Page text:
These days, with so much information on the Internet, with so many visual learners, with so many maps, photographs, schematics, images, and so many other types of non-prose information, we believe that embedding images into one’s motions is a growing trend and may in fact help and simplify issues.  In a products case in which the product at issue is relatively obscure, a photograph accompanied by a brief description can speak volumes more than a lengthy technical treatise.  If location is an issue in the case, then a photograph of a scene might be appropriate, provided that the photograph is, of course, favorable to your argument.  If the distance between two sites is at issue, then a Google map screen capture can be input into the motion itself to showcase the distance at issue. There are many, many options.

We as lawyers use words by trade, but often we use far too many of them.  The readers of our motions and briefs have much to do and many other items to review.  We suspect that they, most of all, would appreciate efforts to simplify the briefing process.  After all, a picture is worth a thousand words.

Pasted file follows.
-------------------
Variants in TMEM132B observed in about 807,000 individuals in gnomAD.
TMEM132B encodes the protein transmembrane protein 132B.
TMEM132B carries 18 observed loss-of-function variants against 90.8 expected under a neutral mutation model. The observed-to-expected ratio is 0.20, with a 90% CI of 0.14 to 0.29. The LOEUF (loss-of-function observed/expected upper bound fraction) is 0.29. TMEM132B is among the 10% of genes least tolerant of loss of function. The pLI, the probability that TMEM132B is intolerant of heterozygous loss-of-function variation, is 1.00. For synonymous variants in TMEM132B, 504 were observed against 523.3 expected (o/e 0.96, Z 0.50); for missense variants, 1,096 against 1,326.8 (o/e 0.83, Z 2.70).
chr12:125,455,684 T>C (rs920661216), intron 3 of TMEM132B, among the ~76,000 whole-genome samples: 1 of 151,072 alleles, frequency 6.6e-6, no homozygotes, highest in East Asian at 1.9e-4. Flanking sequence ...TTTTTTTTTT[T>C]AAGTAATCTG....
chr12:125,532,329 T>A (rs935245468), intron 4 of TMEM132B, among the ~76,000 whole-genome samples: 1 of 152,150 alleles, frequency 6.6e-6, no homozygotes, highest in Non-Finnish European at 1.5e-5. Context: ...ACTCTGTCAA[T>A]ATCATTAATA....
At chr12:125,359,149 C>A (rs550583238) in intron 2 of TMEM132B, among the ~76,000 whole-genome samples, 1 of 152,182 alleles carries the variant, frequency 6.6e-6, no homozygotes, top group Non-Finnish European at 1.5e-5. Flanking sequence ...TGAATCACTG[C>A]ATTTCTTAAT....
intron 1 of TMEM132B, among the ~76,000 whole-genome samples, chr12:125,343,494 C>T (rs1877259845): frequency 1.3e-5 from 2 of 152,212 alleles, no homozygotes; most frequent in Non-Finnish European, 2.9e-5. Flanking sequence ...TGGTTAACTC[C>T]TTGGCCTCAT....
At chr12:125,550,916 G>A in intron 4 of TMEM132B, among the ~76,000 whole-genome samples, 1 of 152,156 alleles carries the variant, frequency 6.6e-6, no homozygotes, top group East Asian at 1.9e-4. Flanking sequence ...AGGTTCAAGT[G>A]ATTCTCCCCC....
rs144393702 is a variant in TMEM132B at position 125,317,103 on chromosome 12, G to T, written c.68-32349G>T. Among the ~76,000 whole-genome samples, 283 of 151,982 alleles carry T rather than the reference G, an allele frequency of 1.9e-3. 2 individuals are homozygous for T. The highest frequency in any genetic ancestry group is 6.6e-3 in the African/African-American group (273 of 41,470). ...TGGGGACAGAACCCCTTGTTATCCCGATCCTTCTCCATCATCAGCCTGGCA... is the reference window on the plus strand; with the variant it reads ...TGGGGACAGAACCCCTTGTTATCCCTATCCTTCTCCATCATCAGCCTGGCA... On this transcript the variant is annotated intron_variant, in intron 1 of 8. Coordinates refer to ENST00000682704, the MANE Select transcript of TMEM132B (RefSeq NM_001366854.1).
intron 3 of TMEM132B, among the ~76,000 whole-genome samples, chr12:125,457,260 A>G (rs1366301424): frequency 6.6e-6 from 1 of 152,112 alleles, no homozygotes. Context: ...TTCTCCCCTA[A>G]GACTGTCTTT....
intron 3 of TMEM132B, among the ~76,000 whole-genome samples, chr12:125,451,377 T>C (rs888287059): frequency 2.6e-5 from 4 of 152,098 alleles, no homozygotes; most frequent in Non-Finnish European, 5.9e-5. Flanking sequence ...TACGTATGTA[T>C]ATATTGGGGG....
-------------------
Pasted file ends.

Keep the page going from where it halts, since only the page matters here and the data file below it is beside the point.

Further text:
Just ask Mark Cuban.

Wii Class Action Strikes Out: Hang on to Your Controller

I used to think the story was an urban myth. I’ve heard accounts of people who became so wrapped up in a spirited game of Nintendo Wii baseball or bowling that they let go of the controller, only to watch in horror as the strap around their wrist broke and the controller sailed across the living room and hit grandma, or, more likely, smashed their 62-inch high-def, plasma television:

Apparently not. In fact, there are so many people who have had this happen that some smart plaintiff’s lawyer filed a putative class action for them, perhaps hoping to get new $2,000 TVs for everyone. Or at least new $1.99 wrist straps.

Well, as Lee Corso would say, “Not so fast, my friend.”